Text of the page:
The IS of the rat was cut off, fixed using 10% formaldehyde for 24 h, embedded with paraffin, and further sliced. The slices were dewaxed by applying xylene and dehydrated by different concentrations of alcohol (100% I, 100% II, 95%, 85%, and 75% successively). All slices were then immune-stained overnight with rabbit anti-BDNF (1:500, ab205067, Abcam Inc., Cambridge, MA, USA) at 4 °C, and incubated with goat anti-rabbit secondary antibody (ab6721, 1:1000, Abcam Inc., Cambridge, MA, USA) at room temperature for 60 min. Following a phosphate buffer saline (PBS) wash, the slices were further incubated with horseradish peroxidase (HRP)-labeled streptavidin-peroxidase at room temperature for 20 min and developed with diaminobenzidine (DAB).

Dual-luciferase reporter gene assay

BDNF and miR-18a sequences were retrieved from National Center for Biotechnology Information (NCBI) database (http://www.ncbi.nlm.nih.gov/gene). The wild type (wt)-3′-untranslated region (UTR) of BDNF and mutant (mut)-3′-UTR of BDNF in which the potential miR-18a binding sites were mutated were cloned into pisCHECK2 vector (Ambion, Thermo Fisher Scientific Inc., San Jose, CA, USA). NC or miR-18a mimic was transfected into 293T cells with either BDNF-wt or BDNF-mut luciferase reporter plasmids. The dual-luciferase reporter assay kit (Promega Corp., Madison, WI, USA) was employed to determine luciferase activity in cell lysis using a luminescence detector (GloMax2020, Promega Corp., Madison, WI, USA) [20].

Cell treatment

Rat cardiomyocytes H9c2 cells were purchased from American Tissue Culture Collection (ATCC, Rockville, MD, USA). H9c2 cells were cultured in a Dulbecco’s Modified Eagle Medium (DMEM; Gibco, Grand Island, NY, USA) containing 10% fetal bovine serum (FBS; Gibco, Grand Island, NY, USA), 10 mM 2-[4-(2-Hydroxyethyl)-1-piperazinyl] ethanesulfonic acid (HEPES; Sigma-Aldrich Chemical Company, St Louis, MO, USA), and 100 U/mL penicillin–streptomycin in an incubator (Thermo Fisher Scientific Inc., San Jose, CA, USA) with 5% CO2 at 37 °C. The cells were then exposed to hypoxia condition in a water-jacketed CO2 incubator (Series 8000WJ, Thermo Fisher Scientific Inc., San Jose, CA, USA) at 37 °C with 94% N2, 5% CO2, and 1% O2 for a total of 12 h.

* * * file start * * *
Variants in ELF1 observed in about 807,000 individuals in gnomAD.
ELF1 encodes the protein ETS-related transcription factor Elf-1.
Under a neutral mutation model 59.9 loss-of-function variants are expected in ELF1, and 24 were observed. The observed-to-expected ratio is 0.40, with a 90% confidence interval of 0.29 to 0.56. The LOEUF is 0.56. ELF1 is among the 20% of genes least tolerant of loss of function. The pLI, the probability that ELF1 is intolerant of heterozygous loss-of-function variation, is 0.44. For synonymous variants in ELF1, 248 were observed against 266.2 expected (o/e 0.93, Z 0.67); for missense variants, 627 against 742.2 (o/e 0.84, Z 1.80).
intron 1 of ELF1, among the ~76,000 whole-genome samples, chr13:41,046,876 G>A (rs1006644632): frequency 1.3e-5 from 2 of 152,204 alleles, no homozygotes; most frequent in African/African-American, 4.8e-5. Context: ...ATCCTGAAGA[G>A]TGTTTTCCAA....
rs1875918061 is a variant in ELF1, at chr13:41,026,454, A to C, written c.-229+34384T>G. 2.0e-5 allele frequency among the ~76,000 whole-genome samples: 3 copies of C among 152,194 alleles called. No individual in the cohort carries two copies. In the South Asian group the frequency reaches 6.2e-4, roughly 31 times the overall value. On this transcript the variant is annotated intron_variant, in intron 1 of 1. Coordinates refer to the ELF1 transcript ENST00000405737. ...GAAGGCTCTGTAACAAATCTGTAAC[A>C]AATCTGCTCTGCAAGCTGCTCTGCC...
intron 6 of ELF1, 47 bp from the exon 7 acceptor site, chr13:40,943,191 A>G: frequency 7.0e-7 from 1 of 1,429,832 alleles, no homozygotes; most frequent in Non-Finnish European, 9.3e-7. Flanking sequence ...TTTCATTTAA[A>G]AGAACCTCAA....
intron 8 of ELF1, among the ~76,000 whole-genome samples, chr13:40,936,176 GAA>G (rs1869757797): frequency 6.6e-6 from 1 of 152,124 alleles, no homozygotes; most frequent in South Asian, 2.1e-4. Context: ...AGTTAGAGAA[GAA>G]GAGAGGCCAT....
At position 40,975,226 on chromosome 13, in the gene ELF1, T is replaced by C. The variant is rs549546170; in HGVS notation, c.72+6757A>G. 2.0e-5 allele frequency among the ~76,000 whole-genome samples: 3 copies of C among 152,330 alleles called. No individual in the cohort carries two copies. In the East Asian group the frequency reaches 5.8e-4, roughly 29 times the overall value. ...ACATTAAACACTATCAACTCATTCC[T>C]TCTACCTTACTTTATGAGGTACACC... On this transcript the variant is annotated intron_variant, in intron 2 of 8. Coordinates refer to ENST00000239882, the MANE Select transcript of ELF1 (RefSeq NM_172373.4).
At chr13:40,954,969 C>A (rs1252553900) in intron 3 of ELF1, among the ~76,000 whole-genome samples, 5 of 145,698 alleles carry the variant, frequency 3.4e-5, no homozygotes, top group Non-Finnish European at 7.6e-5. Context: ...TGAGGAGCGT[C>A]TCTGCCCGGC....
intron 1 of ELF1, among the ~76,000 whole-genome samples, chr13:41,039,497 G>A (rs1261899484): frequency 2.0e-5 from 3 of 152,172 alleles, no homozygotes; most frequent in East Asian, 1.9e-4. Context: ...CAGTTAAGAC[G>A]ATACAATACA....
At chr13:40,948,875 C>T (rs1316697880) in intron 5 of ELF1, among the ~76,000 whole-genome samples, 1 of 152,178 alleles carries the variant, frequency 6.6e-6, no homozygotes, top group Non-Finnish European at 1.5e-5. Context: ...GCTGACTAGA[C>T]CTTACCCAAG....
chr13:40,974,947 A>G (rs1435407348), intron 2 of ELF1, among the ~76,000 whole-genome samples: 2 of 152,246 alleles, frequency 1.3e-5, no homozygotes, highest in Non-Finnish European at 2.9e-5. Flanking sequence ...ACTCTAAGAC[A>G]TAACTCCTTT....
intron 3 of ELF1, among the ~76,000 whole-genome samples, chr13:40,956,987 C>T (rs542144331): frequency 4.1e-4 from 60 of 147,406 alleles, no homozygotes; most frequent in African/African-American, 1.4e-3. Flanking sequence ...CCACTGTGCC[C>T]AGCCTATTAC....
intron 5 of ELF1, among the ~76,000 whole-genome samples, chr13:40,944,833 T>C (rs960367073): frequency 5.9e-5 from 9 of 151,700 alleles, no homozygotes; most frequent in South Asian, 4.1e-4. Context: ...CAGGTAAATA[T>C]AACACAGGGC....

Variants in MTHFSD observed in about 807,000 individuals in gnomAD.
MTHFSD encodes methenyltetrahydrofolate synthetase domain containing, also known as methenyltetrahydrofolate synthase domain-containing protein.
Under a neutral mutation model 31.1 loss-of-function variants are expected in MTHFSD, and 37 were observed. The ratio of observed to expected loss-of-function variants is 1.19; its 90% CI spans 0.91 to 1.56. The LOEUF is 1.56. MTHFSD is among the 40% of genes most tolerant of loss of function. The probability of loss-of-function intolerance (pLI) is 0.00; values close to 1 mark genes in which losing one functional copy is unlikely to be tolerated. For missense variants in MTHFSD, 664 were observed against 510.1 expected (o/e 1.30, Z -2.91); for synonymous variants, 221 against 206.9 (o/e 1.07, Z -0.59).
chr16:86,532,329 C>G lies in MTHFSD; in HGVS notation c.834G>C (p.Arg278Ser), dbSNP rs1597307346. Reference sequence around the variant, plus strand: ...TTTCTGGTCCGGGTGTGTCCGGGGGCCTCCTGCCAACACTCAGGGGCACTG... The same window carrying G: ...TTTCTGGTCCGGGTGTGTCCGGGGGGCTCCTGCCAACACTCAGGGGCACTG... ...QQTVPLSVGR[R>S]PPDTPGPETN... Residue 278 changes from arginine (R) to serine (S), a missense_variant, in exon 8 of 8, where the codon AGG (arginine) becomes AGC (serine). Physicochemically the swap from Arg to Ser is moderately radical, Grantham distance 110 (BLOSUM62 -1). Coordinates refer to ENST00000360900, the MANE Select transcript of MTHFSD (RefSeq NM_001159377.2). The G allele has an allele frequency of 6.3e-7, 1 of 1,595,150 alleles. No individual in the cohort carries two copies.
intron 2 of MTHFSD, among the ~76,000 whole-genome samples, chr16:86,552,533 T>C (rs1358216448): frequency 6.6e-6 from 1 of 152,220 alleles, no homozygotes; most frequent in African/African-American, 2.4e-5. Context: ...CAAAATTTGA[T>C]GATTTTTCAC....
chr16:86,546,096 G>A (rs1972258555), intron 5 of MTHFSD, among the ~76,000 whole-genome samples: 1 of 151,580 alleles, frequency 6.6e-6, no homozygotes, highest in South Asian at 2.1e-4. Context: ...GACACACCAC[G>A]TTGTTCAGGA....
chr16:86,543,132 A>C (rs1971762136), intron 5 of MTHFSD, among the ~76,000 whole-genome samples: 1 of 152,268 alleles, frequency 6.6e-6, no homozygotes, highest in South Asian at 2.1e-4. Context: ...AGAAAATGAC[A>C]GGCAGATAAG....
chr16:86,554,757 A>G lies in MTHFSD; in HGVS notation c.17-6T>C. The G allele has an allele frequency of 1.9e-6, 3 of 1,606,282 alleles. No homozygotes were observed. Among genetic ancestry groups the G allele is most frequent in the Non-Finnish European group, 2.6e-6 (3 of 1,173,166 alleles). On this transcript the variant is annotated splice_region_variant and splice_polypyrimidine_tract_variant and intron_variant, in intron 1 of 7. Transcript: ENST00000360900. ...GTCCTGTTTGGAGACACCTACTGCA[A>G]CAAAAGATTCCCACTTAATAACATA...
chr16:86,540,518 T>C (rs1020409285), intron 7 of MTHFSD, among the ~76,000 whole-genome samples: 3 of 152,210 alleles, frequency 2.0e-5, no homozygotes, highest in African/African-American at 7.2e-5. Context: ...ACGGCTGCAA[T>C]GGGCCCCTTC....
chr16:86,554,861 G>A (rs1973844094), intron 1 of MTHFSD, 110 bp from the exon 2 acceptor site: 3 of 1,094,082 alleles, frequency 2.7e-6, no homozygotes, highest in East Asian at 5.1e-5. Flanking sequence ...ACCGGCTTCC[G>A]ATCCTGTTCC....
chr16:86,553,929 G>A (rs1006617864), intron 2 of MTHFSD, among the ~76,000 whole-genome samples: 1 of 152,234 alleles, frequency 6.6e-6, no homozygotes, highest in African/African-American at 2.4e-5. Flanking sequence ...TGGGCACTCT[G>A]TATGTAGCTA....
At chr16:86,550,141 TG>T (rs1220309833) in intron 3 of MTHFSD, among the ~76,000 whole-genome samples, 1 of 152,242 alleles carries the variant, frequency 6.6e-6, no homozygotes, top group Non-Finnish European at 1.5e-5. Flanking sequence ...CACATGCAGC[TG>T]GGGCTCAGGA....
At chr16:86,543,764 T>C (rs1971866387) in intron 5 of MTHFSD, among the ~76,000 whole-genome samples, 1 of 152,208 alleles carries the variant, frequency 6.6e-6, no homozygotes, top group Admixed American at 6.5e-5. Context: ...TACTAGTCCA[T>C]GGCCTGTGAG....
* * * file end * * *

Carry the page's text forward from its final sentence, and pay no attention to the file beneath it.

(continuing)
The H9c2 cells at the logarithmic growth phase were seeded into a 12-well plate with 106 cells/mL. After a 12-h starvation with serum-free medium, the cells were transfected with the following plasmids, respectively: siRNA against BDNF, miR-18a mimic (50 nM), miR-18a inhibitor (100 nM), agonist of the Akt/mTOR axis (LM22B-10), and negative control (NC) using lipo2000. All the aforementioned plasmids were provided by RiboBio Co., Ltd. (Guangzhou, Guangdong, China). After an additional 6 h of culture, the medium was replaced with DMEM complete medium.

RNA isolation and quantification

Total RNA in the tissues and H9c2 cells was extracted using Trizol (Invitrogen Inc., Carlsbad, CA, USA). The cDNA was reversely transcribed using oligodT method. The qPCR was carried out using SYBR green Master kit to determine target gene expression. The primers were synthesized by Beijing Genomics Institute (Beijing, China) (Table 1). U6 or GAPDH was used as an internal control and 2−ΔΔCt method was implemented to calculate the fold changes. Each individual experiment was repeated 3 times.

Table 1 Primer sequences for reverse transcription quantitative polymerase chain reaction

Western blot analysis

The tissues and H9c2 cells were lysed by radio immunoprecipitation assay (RIPA) lysis buffer (Beyotime Biotechnology Co., Ltd., Shanghai, China) and centrifuged (14,000 rpm, 4 °C). The supernatant was collected to obtain the total protein. The concentration of the extracted protein was determined using the bicinchoninic acid (BCA; Pierce Chemical, Dallas, Texas, USA). Furthermore, 4% concentration gel and 10% separation gel were used to separate the protein, which was then transferred to a membrane. The membrane was blocked with 5% BSA and incubated with the following primary antibodies at a dilution of 1: 5000: mouse monoclonal to BDNF (ab205067), rabbit polyclonal to p-Akt (ab38449), rabbit monoclonal to Akt (ab179463), rabbit polyclonal to mTOR (ab2732), rabbit monoclonal to p-mTOR (ab137133), rabbit monoclonal to Beclin1 (ab207612), rabbit polyclonal to light chain 3 (LC3)-II/I (ab128025), rabbit polyclonal to P62 (ab91526), and rabbit polyclonal to GAPDH (ab9485) at 4 °C overnight. All the antibodies were purchased from Abcam Inc. (Cambridge, MA, USA). Moreover, the membrane was incubated with the secondary antibody, HRP-conjugated goat anti-rabbit antibody to IgG (1:5000, ab205718) at room temperature for 2 h. Finally, the enhanced chemiluminescence (ECL) reagent (Invitrogen Inc., Carlsbad, CA, USA) was applied to visualize the bands, which were further analyzed by a Bio-rad Microscopic Imaging System and the Image software. Each individual experiment was repeated 3 times.